Doubts over digital library service in cost-cutting town

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COUNCIL bosses behind plans to close libraries or hand them over to teams of community volunteers have unveiled a scheme which they claim will continue with the “improvement and modernisation” of its service.

Doncaster Council has faced severe criticism from some sections of the community after the town’s elected mayor Peter Davies unveiled a plan which involved 14 of the borough’s libraries.

Under the cost-cutting scheme, many of the libraries have been handed over to groups of volunteers, who will be responsible for the branches and their running costs, while others have closed.

But leading councillors claim a new “digital library” idea, which will allow people to download so-called e-books via the internet, will help attract new users and help those affected by closures and reduced opening hours.

Coun Mark Thompson, Doncaster Council’s corporate services spokesman, said: “This is an exciting development for our library users, allowing access to e-books and audiobooks at a time to suit them and in the comfort of their own home.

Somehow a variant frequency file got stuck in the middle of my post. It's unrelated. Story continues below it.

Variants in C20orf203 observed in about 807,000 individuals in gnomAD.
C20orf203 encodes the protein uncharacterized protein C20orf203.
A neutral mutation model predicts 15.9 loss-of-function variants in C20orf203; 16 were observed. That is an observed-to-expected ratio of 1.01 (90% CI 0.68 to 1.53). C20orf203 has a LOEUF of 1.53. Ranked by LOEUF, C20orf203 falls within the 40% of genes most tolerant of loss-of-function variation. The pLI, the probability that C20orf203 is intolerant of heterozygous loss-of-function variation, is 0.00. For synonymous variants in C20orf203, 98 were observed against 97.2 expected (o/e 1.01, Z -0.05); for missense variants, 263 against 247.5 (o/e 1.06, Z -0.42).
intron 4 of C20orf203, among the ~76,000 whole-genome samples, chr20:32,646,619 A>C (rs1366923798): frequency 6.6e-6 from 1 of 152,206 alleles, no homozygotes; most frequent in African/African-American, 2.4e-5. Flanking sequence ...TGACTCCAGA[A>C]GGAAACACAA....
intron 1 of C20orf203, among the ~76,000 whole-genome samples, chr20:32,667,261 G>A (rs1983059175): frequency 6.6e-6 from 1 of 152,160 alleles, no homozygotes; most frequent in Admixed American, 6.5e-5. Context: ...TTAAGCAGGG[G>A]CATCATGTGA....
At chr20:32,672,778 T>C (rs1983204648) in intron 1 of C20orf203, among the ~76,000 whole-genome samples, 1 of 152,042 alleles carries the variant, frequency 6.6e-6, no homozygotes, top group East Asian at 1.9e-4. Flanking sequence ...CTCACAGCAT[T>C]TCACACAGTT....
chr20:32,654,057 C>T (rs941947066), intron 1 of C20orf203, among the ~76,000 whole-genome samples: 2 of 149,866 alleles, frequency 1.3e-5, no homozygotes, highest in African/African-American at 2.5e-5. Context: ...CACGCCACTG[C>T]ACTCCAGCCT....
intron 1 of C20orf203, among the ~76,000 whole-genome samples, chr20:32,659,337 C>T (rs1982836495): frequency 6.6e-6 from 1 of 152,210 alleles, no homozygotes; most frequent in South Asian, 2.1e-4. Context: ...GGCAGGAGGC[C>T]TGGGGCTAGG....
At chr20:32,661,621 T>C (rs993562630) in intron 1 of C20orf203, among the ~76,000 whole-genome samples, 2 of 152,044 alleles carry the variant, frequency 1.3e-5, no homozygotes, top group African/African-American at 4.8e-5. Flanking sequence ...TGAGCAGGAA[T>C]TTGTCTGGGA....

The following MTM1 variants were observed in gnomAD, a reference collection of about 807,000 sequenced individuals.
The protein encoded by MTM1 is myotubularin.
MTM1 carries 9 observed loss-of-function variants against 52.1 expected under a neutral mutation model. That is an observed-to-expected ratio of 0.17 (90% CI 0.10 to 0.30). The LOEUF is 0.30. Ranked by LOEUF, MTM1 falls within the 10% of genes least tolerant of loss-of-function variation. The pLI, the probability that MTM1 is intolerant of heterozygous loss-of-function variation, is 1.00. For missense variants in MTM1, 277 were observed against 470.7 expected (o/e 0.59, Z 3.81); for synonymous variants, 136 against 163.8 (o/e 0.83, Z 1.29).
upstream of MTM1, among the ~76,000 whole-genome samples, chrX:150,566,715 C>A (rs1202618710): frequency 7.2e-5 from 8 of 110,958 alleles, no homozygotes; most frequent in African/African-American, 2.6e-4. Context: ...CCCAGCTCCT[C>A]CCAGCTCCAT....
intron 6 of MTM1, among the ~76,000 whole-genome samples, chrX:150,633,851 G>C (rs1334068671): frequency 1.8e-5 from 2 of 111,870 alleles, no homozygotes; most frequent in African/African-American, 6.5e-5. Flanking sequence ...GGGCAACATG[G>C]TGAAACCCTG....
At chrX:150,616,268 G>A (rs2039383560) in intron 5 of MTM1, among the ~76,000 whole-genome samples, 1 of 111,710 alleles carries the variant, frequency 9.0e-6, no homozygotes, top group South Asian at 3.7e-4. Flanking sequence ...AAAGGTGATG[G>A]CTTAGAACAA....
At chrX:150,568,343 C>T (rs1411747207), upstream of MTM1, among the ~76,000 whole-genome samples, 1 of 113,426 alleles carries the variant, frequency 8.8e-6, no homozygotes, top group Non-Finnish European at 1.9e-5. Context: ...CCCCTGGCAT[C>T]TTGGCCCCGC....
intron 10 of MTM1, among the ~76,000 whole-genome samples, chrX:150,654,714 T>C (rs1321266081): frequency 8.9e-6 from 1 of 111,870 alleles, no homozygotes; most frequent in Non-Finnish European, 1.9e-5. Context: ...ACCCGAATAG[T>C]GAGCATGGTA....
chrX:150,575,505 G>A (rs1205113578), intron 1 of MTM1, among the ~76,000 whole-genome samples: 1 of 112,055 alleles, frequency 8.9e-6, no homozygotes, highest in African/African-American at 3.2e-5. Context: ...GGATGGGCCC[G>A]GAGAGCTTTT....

“I’m sure many residents will have received e-book readers and similar devices this Christmas, and if they are already library members then they can download their choice of titles straight away.”

The council said using the new service was easy and required a library membership and an internet connection through which books can be downloaded. Titles are loaned for three weeks and then disappear from the borrowers device.

Lauren Smith, a spokesman for Save Doncaster’s Libraries, which led action to oppose the council’s library policy, said the campaign welcomed the introduction of an electronic service.

But she added: “This should not be seen in any way as replacing services which could be lost if branch libraries close.

“Obviously we see the introduction of electronic books as a hugely positive move, because Doncaster is miles behind other councils in this area.

“But it will not help those people who do not have access to the internet and do not have the income to have access to the internet or e-book readers.

“The electronic service should run alongside the traditional services offered by branch libraries which are valued by the elderly and families with young children, who need access to books at their local library.

“The electronic service will not focus on their needs, but we know that Doncaster Council so far has paid very little attention to the what the community wants, and we are concerned that without rethinking its current policy this could further alienate people who have so far had their needs ignored.”

The digital library is available by logging on to www.doncaster.gov.uk/digitallibrary